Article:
Review: A Counterfeit Betrothal by Mary Balogh

May 20, 2013 2013, B+, book rating, reviews 0

A Counterfeit Betrothal
by Mary Balogh
Series: none
Genre: Historical Romance
Republished by Dell, 2013
Originally published by Signet, 1992
E-book, Purchased
About 280 pages
Grade: B+
Synopsis: Lady Sophia Bryant has no intention of marrying anytime soon. Her one desire is to reunite her parents, who have been estranged for fourteen years. Surely, if she happens to announce her betrothal—even a false one—they will be forced to see each other. Devilishly handsome Lord Francis Sutton seems perfect for such deceit, always agreeable to games of passion in which he has nothing to lose. The trap is set—if only Lady Sophia can keep her foolish heart from falling prey to her brilliant snares.

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This is one of Mary Balogh’s Signet regency romances from over 20 years ago. They’re slowly being republished by Dell. That makes me very happy. 🙂 Over the years I’ve searched for her older out-of-print books in used bookstores and found a few. I’ve also bought a few on e-bay and other on-line stores. Ms. Balogh is one of my favorite writers and I especially love her older books. Though really I’ve liked most everything she writes.

Mary Balogh writes satisfying historical romances about interesting and flawed characters. The regencies aren’t necessarily part of a series, but often have characters which show up in another book. Sometimes the character who seems the most irredeemable in one book is the hero of another book.

This book is interesting because the main characters aren’t Lady Sophia and Lord Francis (the young couple in the story), but are instead Lady Sophia’s parents–the Earl and Countess of Clifton (Marcus and Olivia). Sophia has manufactured her betrothal to Francis to get her parents back together. She loves them both and they love her. She’s sure that if they are just together for a few weeks they will stay together.

Sophia is only 18 and Francis has a reputation as a rake so her parents aren’t happy when she says she and Francis are in love. Since Marcus and Olivia separated years ago Sophia’s father has been the parent  with her in London for her season. A house party at the Earl’s country estate is planned and Olivia arrives so she and Marcus can talk Sophia out of marriage with Lord Francis. Marcus and Olivia have lost faith in love:

…Marc had said in his letter that the young man was wild. That would mean that he was a daredevil, a gambler and drinker, a rake. A womanizer…

Sophia would end up with a lifetime of misery, an unfaithful rake for a husband.

Not that for Sophia. Please not that, she begged an unseen power silently. Please not that. Sophia was all she had. If she to live to see Sophia rejected and desperately unhappy, she would not be able to bear it.

Olivia is 36 and Marcus is 41. They parted 14 years ago after Marcus had a foolish, drunken sexual encounter when he went to the wedding of a friend. Olivia had stayed home with Sophia who was ill. His friends egged him on, calling him old, staid and married and he was immature and drunk enough to listen to them. He confessed what had happened to Olivia and she was horrified. They had had a love so perfect that they had never quarreled in five years of marriage. She decided their love was tainted and she would never trust him again.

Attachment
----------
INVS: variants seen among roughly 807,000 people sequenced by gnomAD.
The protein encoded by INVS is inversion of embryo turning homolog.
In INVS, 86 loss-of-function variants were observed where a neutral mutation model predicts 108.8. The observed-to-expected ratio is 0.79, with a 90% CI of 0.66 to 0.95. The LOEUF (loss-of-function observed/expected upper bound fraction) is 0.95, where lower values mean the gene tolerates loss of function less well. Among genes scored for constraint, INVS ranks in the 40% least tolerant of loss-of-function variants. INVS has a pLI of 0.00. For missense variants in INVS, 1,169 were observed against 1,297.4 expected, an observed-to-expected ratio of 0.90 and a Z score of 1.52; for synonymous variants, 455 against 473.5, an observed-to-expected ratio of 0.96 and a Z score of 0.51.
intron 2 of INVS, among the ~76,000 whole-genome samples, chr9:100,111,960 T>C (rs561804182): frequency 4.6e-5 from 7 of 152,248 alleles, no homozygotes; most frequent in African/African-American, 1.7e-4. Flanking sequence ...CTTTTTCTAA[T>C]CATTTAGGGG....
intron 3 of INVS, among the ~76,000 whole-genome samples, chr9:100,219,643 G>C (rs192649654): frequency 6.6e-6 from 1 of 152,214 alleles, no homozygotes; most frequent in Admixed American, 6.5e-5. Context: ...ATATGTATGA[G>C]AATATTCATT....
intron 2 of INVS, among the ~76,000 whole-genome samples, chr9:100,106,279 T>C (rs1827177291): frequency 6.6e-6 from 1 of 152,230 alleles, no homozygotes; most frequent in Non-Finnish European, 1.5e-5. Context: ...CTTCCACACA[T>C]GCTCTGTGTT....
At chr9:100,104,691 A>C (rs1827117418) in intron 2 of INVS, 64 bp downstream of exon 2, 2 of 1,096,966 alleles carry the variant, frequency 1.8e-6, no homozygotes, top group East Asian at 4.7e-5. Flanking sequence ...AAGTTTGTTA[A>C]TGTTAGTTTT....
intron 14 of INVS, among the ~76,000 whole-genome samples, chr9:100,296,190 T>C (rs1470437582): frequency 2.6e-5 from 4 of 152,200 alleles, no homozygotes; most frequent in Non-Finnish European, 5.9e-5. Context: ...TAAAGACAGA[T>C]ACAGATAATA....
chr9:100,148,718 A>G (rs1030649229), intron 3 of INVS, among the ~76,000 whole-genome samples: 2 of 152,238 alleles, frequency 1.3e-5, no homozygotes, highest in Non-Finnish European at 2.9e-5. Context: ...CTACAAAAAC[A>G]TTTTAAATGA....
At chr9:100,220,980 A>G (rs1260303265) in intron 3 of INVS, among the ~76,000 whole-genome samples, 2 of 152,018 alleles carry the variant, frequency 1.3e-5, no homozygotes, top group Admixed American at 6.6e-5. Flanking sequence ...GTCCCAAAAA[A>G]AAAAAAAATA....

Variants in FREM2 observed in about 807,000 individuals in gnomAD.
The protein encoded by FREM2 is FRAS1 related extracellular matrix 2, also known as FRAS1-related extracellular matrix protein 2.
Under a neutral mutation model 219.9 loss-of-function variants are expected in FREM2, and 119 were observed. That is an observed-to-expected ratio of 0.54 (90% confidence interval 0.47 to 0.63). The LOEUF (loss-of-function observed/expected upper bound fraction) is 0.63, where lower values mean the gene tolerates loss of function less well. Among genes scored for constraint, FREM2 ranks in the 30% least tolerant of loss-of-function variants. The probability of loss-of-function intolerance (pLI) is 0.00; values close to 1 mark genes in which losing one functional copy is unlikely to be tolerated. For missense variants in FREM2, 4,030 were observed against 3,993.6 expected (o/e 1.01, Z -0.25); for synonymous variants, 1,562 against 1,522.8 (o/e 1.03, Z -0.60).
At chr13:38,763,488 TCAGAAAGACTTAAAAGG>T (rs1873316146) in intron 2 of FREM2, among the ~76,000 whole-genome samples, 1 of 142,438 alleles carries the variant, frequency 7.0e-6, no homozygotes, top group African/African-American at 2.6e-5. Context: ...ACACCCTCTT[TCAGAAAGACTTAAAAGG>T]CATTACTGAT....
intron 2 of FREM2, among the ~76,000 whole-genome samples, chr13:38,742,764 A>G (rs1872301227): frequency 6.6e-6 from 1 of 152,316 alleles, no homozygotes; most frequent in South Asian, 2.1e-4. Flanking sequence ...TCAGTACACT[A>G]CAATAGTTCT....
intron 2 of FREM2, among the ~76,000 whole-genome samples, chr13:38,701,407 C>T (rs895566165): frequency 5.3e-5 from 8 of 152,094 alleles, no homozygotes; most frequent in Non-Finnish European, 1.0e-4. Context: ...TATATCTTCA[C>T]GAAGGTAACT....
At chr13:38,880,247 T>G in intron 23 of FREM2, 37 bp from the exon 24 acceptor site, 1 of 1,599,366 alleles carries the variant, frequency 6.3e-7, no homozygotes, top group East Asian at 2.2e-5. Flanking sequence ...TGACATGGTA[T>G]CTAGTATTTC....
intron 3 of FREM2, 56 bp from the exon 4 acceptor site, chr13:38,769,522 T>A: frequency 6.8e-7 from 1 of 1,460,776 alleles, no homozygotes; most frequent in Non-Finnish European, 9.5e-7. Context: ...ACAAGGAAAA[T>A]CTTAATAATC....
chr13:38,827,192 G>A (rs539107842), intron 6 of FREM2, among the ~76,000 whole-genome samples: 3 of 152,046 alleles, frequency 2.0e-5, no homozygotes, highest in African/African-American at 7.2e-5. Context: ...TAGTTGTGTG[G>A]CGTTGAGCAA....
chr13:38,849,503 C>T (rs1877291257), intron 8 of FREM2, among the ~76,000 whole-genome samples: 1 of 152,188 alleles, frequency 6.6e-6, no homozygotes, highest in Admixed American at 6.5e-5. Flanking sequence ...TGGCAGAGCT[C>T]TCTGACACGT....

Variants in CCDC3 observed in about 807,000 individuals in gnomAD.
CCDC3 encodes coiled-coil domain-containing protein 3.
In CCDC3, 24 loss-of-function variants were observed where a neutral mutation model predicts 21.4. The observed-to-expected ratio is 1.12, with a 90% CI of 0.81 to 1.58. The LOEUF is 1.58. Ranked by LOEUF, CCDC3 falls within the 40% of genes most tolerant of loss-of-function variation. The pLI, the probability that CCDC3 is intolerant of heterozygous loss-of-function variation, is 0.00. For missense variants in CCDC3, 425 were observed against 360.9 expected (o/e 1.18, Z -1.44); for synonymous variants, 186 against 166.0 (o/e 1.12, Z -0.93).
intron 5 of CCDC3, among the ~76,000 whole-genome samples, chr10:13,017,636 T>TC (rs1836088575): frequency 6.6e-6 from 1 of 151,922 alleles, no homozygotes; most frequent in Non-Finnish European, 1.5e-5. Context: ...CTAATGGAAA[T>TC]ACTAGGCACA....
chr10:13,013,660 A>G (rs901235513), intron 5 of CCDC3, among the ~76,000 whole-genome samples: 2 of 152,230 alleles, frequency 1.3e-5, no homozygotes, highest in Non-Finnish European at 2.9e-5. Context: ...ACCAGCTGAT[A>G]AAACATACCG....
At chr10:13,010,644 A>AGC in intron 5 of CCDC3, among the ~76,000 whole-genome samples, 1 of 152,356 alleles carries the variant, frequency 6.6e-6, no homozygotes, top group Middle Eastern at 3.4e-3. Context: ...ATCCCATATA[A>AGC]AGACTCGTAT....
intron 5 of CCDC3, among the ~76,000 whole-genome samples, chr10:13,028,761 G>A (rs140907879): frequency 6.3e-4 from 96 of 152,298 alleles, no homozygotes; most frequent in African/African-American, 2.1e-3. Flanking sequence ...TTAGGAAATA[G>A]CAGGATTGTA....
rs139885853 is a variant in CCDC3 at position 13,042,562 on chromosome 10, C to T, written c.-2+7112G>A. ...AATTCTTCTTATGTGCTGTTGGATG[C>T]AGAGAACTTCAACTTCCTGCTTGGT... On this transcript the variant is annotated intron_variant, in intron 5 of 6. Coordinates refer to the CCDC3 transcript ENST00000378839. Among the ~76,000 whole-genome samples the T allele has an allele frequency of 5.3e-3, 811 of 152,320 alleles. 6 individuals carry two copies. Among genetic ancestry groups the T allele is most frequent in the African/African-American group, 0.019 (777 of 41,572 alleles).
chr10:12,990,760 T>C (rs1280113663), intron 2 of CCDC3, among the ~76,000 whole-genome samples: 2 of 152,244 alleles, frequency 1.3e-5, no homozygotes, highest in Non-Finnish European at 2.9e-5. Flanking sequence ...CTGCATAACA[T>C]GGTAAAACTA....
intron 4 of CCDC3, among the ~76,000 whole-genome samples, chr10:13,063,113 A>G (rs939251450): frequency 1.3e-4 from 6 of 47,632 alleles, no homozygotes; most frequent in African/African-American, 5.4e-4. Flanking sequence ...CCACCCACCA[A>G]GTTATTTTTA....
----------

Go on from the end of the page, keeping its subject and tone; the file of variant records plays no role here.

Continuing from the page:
She had written to tell him that after deep and careful reflection she had concluded that she could never again be his friend or his wife or lover after what had happened. It would always be there  to come between them.

Over the years and after Olivia sees Marcus again she realizes how immature and young she had been when they had been together. They had married young, they had been so much in love, but they had been immature and they hadn’t grown. They had lived such a perfect life together that when the first trouble came along they couldn’t face it or adapt. Marcus let his friends convince him to commit a stupid act. They each had to grow and mature, but by that time they had separated.

This is a good book about second chances and learning to forgive. I enjoyed this book a lot. It is part of a two volume book. I will review the other book–The Notorious Rake–in a week or so.

Update: I checked at the Mary Balogh site and she says she has the rites to many of her older books and is planning to release them (perhaps only as e-books). She is asking her readers to let her know which ones they want to read first. This is very exciting for her fans!

No Responses to “Review: A Counterfeit Betrothal by Mary Balogh”

  1. Lark

    I'm a real fan of Mary Balogh, too, so I'm glad you liked this book so well! I need to get hold of a copy.

  2. Jan

    I do enjoy her books. I'm happy that more of her older books are coming back into print (or ebook!)

  3. nath

    The book was a bit weird for me, because I was expecting the younger couple to be the main characters, but they weren't. I don't mind having older characters as main characters, but I found in this case, it was a bit awkward. The story was interesting though.

  4. Jan

    It surprised me, too, when the actual main characters were the older couple. I found it amusing, but the blurb from the book did make it seem like the younger couple were the focus so it was kind of misleading.